Originally released exclusively for the iPad, developer Hello There has relaunched the Egyptian-themed puzzle game Khaba for iOS and Android mobile devices. Now players can partake in the mysteries of Khaba on the go. But are these mysteries worth exploring?
Khaba at first seems like a simple enough puzzle game. Using statuettes and mirrors, players reflect and direct a beam of light onto a door which leads to the next level. It is a simple and logical concept that would probably become boring after a while if not for all the little tricks and additions Hello There pulls off. There are other doors acting as obstacles in your path that can only be opened by directing light towards certain orbs. Some of these doors remain open, while others close up again if the direction of the light is changed.
A few levels in, another type of light is introduced as well: dark light. The beam of dark light can only be activated if the beam of sunlight continually hits a blue orb. Both of these kinds of light must be used in tandem to reach the final door, but there are a few conditions. There’s only a limited amount of reflecting statuettes and mirrors, and the dark light and sunlight cannot use these objects simultaneously. What at first seems like a simple game ends up offering a satisfyingly cerebral challenge as players have to test out different set ups and figure out in what order to open certain doors and other obstacles. Unfortunately for some, the sheer level of challenge might put them off. Khaba has a few tutorial levels followed by some levels with a fairly reasonable difficulty curve, but then suddenly ramps up the difficulty to a point that might end up causing a lot of frustration. A few levels definitely forced me to walk away for a bit and try to come back later with a different perspective. This isn’t exactly conducive to quick bouts of gaming on the go, but might appeal to someone looking for a hard puzzle when they have a meatier chunk of time available to them.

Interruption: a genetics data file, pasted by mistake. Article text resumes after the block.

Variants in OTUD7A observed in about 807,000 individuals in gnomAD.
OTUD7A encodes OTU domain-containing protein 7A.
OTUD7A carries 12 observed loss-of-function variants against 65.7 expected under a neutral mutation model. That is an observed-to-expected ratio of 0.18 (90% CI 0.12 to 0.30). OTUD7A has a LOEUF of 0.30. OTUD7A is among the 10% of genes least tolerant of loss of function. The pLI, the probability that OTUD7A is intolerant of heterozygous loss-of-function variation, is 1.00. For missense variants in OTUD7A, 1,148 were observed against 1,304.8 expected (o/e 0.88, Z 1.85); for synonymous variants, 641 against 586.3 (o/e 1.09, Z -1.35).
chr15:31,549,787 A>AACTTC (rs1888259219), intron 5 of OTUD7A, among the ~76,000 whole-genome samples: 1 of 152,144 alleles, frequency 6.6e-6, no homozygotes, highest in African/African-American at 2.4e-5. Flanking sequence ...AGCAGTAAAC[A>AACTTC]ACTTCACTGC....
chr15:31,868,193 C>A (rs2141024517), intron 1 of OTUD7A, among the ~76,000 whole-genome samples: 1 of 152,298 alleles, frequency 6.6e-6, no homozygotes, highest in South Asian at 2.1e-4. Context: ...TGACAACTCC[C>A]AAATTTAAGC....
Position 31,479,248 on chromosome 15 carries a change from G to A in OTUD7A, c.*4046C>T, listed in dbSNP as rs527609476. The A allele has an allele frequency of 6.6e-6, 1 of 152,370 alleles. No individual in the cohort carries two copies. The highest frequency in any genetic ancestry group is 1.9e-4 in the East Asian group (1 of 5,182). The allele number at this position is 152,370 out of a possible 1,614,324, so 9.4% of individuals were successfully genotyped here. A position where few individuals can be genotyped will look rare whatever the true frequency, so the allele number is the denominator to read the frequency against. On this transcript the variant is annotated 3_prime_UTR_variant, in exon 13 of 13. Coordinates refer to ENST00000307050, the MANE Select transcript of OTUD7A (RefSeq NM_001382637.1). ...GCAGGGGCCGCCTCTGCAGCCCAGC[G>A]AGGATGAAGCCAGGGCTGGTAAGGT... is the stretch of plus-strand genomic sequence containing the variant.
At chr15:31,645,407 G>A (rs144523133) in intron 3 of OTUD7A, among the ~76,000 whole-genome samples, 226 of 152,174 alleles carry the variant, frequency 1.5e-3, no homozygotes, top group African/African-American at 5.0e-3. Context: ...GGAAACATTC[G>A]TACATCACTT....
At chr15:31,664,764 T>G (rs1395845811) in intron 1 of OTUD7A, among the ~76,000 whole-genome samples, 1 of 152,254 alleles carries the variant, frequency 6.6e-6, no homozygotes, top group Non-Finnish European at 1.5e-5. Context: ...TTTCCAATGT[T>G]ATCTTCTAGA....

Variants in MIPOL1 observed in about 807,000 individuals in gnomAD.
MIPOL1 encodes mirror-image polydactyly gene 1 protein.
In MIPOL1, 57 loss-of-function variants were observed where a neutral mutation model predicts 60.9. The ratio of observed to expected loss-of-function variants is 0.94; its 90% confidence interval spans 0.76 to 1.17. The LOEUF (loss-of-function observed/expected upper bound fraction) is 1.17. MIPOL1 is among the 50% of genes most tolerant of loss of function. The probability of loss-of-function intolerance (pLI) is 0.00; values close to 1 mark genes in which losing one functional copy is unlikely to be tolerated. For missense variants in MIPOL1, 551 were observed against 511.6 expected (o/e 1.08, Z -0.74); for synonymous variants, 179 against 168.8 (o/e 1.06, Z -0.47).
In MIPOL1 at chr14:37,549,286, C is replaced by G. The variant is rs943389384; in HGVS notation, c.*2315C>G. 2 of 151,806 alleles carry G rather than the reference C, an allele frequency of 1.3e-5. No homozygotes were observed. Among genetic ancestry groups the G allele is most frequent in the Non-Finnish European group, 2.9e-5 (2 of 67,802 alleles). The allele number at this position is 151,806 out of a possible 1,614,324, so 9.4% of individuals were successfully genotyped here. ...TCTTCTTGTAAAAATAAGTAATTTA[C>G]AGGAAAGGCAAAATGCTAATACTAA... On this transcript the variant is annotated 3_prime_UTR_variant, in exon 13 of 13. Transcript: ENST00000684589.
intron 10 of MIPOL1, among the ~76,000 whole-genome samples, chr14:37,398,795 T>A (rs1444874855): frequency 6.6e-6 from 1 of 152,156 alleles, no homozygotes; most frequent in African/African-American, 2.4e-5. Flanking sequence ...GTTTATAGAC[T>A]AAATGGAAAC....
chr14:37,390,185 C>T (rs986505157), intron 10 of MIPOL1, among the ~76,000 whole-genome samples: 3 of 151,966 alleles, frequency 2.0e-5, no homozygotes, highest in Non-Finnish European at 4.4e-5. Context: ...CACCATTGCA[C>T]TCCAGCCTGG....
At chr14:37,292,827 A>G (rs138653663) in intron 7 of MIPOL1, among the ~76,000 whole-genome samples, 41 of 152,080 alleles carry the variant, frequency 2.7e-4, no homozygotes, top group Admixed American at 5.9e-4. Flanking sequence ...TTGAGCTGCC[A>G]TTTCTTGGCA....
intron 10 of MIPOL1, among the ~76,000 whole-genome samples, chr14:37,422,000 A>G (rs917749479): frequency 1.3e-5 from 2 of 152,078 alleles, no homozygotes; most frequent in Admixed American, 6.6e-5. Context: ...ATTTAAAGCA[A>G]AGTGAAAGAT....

Besides its difficult and cerebral puzzles, what sets Khaba apart from a lot of mobile puzzle games is that it features a fully voic-acted narrative tied into the puzzle mechanic. Players take the role of Michael, an explorer seeking vast treasures and excitement within the pyramids. Mysteries abound as Michael ventures deeper into the pyramids, and it actually ends up being a neat little story. Besides small “cutscenes”, collectable scarabs are introduced which not only add another element of challenge to the puzzles, but also give up more tidbits of the overall narrative. These aren’t mandatory to collect, but offer an extra reward for players that find interest in the story. Probably my only nitpick story-wise is that Michael’s voice acting is a bit cheesy, but not so much that it really detracts from the game.
However, my biggest issue with the game is its touch controls. I have small hands and I still found myself getting frustrated when the game would misinterpret my finger touches and I would end up moving statuettes entirely when I just wanted to change the direction of the light beams. Certain parts also required an amount of precision that had me re-doing things so many times because objects would move when I lifted my finger up from the screen. This is mainly a problem with playing Khaba on a mobile device with a smaller screen though–playing the game on a tablet was significantly easier. Nevertheless, I found myself wishing there was also a desktop version as the idea of playing this game with a mouse really appeals to me.
So, while not for folks looking for a lighter puzzle game to play on short car rides or on quick breaks in between other obligations, Khaba does provide for folks looking for something with a little more substance in their mobile gaming needs. If you can get past the sometimes frustrating controls, Khaba is a real treat. The game is available for both iOS and Android tablets and mobile devices, and more information about it can be found on the developer’s website.
An Android review copy of the game was provided by the developer for that purpose.
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